The following review contains spoilers for X-Men: Apocalypse.

With the exception of First Class and Days of Future Past, the X-Men movie franchise has made it difficult to be a fan of the X-Men movie universe. Even the first two movies in the series, which are generally looked upon favorably, have not aged well and were blatantly ashamed of it’s comic book origins. They did everything to distance themselves from the original source material, which is something the franchise as a whole has had a problem with. Now though, we are in an entertainment climate where the goofy comic book stuff X-Men was so terrified of, is now the most profitable thing in Hollywood. So with the latest installment in the series, X-Men: Apocalypse it could be reasonable to expect the filmmakers to finally embrace the X-Men’s weird side and put forth a true contender for comic book movies, right? Well, that’s partially true. It’s certainly a contender for worst comic book movie, at least for this year.

Apocalypse picks up ten years after Days of Future Past; The Xavier school is up and running, Mystique is off in Germany having mutant freedom fighter adventures, and Magneto has fled the country to start a life that’s so idyllic the movie might as well have put a counter in the corner of the screen counting down to when tragedy strikes. Order maxresdefault-3is broken when an ancient cult resurrects Apocalypse, a powerful mutant that immediately plans on destroying the world after living in the 80’s for about an hour, and it’s up to the X-Men to stop him. It’s a very typical run of the mill superhero story, which wouldn’t normally be such a bad thing, but with the movies we’ve seen so far this year, it’s kind of taking a step backwards. Superhero movies have gotten to the point where they’re getting bogged down with tropes and cliches and so far this year, they actively pushed against those tropes. Deadpool openly mocked them and Batman V Superman and Civil War turned those tropes on their heads and satirized them to various levels of success. Apocalypse does none of that and bold-facedly gives us another “heroes save the world” plot with plenty of superhero landings and third act senseless collateral damage. It isn’t objectively bad, but it’s tiresome nonetheless.

I feel bad for all the actors here. Everyone does their best with what they’re given, it’s just a shame they aren’t really given much. Oscar Issac, who’s normally great, is given a very uncomplicated one note villain in the titular Apocalypse. It’s the kind of villain who has “Destroy the world” on the top of their to-do list and a string of question marks for every other entry. Most of the returning characters are just bland and don’t really do or change much and the new crop of mutants have either very little character development or are simply set dressing. I’m looking at you, Jubilee. She has more plot importance and screen time in that fake 80’s style ad than she does in the entire movie! The most particularly offensive character is this movie’s version of Storm. All we know about her is that she looks up to Mystique as a hero and that she was a street urchin. That’s it. We have a great character who, at least in the comic books, is one of the most important members of X-Men, reduced to a one-dimensional henchman. The same could be said of all Apocalypse’s Horsemen with the exception of Magneto who, unlike many of the other characters in the movie, actually has a character arc. It’s just cliche and stupid.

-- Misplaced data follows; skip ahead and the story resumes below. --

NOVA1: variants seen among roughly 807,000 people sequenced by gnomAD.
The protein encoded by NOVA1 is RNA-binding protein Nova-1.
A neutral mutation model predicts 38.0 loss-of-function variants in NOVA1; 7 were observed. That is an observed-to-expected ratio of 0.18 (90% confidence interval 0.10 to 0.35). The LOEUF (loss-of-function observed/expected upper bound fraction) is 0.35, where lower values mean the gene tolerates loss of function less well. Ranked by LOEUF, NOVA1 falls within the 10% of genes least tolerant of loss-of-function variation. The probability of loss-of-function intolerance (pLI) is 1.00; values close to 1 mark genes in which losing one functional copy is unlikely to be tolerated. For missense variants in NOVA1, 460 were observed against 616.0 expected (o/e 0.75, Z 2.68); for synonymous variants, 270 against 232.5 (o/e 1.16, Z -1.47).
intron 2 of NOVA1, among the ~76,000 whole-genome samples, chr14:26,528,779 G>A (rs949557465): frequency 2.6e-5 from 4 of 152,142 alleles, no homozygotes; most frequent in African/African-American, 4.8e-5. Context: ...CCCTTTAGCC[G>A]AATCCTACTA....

To me, Magneto is one of the most complex and interesting villains not only in marvel comics, but in marvel comic book movies. He shares the same passion for mutants and mutant kind as our heroes, but his violent methods put him at odds with Xavier and the X-Men. In both First Class and Days of Future Past his actions aren’t inspired by some angsty need to see the world burn because the world hurt him so. He mainly just wants proper respect for x-men_apocalypse_four_horsemenmutant kind, even if he has to get his hands dirty doing so. He acts with flawed, but reasonable logic. He only attempted to assassinate Mystique and the president in Days of Future Past to try to save the future of mutant kind, and when he seeks revenge, he’s very discreet and only targets those responsible. Nothing about his character would suggest that he’d indiscriminately commit mass genocide when the majority of the people involved have no affect on his life what so ever. If he is to murder someone he has a specific reason to do so.

The dull characters and paint by the numbers plot really bring this movie down. It could have possibly been better with some visual style in the same vain as a Zack Snyder movie, but the cinematography visually reflects it’s plot, boring and uninspired. So uninspired, in fact, the movie straight out copies the famous Quicksilver sequence from Days of Future Past. So nice they did it twice! I really hesitate to call this the worst superhero movie so far this year; that dishonor still goes to Batman V Superman. But where as Bats V Supes tried and failed to be unique, X-Men: Apocalypse simply does not try. It’s at best another dime-a-dozen superhero flick that will adequately use up two and a half hours or your life and at worst piss you off for it’s unabashed laziness and contempt for the comic book it’s based on. Frankly, your money can be spent better elsewhere.

Written by Remy Williams June 1st, 2016

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I studied Graphic Design and Art Education at Appalachian State University, but I've always loved the art of story telling. I also enjoy video games, animation and music. Outside of writing for The Black Geeks, I'm working on a webcomic entitled Hurts Like Hell to be released in the Summer of 2016

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